Medicine can do many things but at the end of life what matters most is not necessarily treatment but making peace with yourself on your terms. Atul Gawande, Being Mortal.
Advanced care planning is an evolving process where individuals outline their wishes regarding their care and medical decision-making based on their values and beliefs when their voice is silent due to incapacity.
A few years ago, I participated in a working group of medical, legal, and other experts to share ideas and develop an action plan to improve how POAPCs are planned, drafted, tracked, and utilized. Some of the key discussion points continue to influence our practice.
I explore two issues here. First, I look at the disconnect between the language used in the POAPC and the on-the-ground reality of implementing those wishes in a healthcare setting. And second, the importance of having ready access to the POAPC document when it’s needed.
The Language of a POAPC Should Reflect the Reality of Implementing it in Health Care
Consider the following suggestions.
- It is most helpful if the advance care planning discussions and the resulting POAPC are drafted within the context of a person’s general values, beliefs and wishes. It is also helpful if there is a discussion with the appointed attorney about those wishes and why the grantor has chosen certain courses of action.
We often see situations where the attorney is unaware of the grantor’s wishes or what quality of life means to them. And in some cases, the attorney does not even know they have been appointed.
Depending on the circumstances, people can also change their views on advanced care planning. For example, since the COVID pandemic, we find older people have a heightened awareness of the need for end-of-life or serious illness planning. One couple in their nineties, both retired health care practitioners, changed their POAPC documents. If they got COVID and became gravely ill with pneumonia, it was clear that they did not want to be intubated and ventilated. They decided they had lived full lives and wanted to make their own decisions. If they became critically ill, they did not want their life prolonged with mechanical ventilation.
- Medical experts find it difficult to be guided by POAPC documents when vague terminology such as “no heroic measures” is used. This term gives no direction in today’s sophisticated treatment environment and can cause additional stress and anxiety for the attorney trying to make a difficult care decision. While it is impossible to anticipate every medical situation, describing some context for decision-making is possible. For example, listing wishes such as pain management and palliation for comfort if the grantor is in certain situations, such as no reasonable expectation for recovery, etc.
Ready Access to the POAPC Document
From the healthcare provider’s perspective, when a patient is in a critical or urgent state and cannot speak for themselves, the provider will try to find or speak with the substitute decision-maker. Immediate access to the POAPC document is important as it confirms the person’s choice of substitute decision-maker and may confirm advance care directives for specific situations.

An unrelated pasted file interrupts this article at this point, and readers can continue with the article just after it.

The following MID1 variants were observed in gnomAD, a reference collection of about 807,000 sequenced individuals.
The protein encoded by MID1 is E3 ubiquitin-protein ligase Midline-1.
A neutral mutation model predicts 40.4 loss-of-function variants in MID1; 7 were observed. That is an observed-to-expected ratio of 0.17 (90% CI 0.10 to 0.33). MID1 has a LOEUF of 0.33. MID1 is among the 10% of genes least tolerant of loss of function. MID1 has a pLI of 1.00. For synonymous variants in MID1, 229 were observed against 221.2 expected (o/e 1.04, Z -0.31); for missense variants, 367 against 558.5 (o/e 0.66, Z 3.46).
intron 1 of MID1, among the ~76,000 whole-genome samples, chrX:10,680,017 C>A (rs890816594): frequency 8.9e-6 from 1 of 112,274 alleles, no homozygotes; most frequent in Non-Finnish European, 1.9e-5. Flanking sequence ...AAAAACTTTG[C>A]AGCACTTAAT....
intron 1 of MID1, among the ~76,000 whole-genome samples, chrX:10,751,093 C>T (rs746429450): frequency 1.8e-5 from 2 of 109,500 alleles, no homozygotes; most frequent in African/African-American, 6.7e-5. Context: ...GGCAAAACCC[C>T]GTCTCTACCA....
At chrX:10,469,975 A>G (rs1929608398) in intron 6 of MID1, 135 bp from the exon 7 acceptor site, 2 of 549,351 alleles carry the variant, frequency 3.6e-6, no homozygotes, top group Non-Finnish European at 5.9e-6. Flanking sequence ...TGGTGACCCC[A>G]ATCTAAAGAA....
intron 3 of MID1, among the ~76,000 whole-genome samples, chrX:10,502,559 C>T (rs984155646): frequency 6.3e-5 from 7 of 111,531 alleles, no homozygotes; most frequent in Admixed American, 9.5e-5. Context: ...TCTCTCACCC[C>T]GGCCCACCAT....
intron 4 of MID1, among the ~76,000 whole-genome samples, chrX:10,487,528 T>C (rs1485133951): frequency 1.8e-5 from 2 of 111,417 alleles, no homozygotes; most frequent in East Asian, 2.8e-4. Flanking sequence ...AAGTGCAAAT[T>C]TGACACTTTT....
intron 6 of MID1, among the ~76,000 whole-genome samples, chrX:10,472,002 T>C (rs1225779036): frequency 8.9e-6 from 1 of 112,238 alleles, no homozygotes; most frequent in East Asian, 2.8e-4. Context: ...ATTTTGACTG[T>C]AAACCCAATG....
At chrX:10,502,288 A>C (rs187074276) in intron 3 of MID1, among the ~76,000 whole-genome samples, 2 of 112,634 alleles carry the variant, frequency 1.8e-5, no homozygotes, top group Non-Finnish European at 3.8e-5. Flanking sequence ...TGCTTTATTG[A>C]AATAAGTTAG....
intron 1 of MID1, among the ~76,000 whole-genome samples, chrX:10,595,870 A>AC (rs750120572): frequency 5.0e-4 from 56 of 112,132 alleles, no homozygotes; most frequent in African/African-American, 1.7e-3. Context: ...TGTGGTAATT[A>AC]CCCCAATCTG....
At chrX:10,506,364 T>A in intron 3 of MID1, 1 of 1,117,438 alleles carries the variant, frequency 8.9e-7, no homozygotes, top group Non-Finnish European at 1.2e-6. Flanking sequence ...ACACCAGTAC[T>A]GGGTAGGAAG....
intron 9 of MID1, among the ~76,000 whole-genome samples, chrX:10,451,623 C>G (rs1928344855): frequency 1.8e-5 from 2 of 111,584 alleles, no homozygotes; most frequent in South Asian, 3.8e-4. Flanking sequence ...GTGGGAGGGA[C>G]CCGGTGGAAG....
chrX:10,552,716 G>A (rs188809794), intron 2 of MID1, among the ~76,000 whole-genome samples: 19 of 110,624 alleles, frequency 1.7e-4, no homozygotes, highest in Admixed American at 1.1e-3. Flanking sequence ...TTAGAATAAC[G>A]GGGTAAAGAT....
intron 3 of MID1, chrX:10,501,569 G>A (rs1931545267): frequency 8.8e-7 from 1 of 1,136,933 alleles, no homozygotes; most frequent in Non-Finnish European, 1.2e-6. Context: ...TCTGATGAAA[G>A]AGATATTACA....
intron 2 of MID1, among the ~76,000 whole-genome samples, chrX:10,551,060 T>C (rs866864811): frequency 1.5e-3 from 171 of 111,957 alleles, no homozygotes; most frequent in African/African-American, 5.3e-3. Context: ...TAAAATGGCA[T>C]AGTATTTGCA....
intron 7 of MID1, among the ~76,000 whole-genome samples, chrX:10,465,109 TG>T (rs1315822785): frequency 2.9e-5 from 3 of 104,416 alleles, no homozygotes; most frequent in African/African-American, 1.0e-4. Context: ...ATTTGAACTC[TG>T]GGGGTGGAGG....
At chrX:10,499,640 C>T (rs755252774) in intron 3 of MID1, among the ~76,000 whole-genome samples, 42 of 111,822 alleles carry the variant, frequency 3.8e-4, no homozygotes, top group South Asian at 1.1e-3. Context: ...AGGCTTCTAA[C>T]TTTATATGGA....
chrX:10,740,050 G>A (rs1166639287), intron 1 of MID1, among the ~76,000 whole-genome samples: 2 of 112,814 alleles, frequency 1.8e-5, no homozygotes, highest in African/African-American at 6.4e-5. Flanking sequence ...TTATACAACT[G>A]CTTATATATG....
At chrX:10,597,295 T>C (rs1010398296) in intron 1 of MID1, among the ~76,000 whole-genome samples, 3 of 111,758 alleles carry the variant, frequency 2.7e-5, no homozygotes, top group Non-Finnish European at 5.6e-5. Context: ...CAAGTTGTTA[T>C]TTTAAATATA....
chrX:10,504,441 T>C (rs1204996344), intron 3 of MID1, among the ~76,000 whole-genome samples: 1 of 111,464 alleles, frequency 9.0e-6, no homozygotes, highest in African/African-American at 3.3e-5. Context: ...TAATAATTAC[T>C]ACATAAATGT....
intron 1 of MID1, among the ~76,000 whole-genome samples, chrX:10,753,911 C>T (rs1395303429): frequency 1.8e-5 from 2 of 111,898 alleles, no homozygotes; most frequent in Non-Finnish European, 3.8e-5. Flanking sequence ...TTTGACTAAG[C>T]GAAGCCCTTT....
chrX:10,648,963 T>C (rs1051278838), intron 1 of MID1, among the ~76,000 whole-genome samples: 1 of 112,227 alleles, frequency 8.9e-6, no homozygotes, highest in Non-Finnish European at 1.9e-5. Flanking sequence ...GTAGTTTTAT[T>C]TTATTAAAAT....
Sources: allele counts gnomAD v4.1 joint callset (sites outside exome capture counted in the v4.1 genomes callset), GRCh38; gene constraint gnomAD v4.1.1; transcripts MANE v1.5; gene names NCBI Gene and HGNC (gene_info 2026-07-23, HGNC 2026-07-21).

Here are some suggestions to improve access:
- Suggest that clients carry a wallet card that identifies their POAPC and how to contact them. Also, identify who has a copy of the POAPC document. For clients with serious illnesses, we suggest their partner/caregiver carry a copy of their POAPC in the glove compartment of their car so they can always access it – especially during those midnight runs to the hospital.
- In this era of electronic health records, it’s important to consider the POAPC as part of the patient’s health record. The family doctor can append it to the electronic health record (EHR). However, the family doctor’s EHR sometimes won’t integrate with the hospital’s EHR. In that case, have the hospital add the POAPC to its EHR. If someone is admitted to the hospital, append a paper copy to the chart.
- Some health information experts have advocated for an online registry of POAPCs. Much like the online organ donation registry, it would give healthcare providers ready access to your documents in an emergency. Others have suggested the POAPC be linked to the provincial OHIP card. There have been many discussions but no policy decisions to date.
In summary, advance care planning should be an important part of everyone’s care planning for serious illnesses and end-of-life. The POAPC is a powerful legal document which can ultimately provide a clear decision-making framework and specific directives to your substitute decision-maker when you cannot speak for yourself. And once you have that document in place, all relevant parties need ready access in an emergency.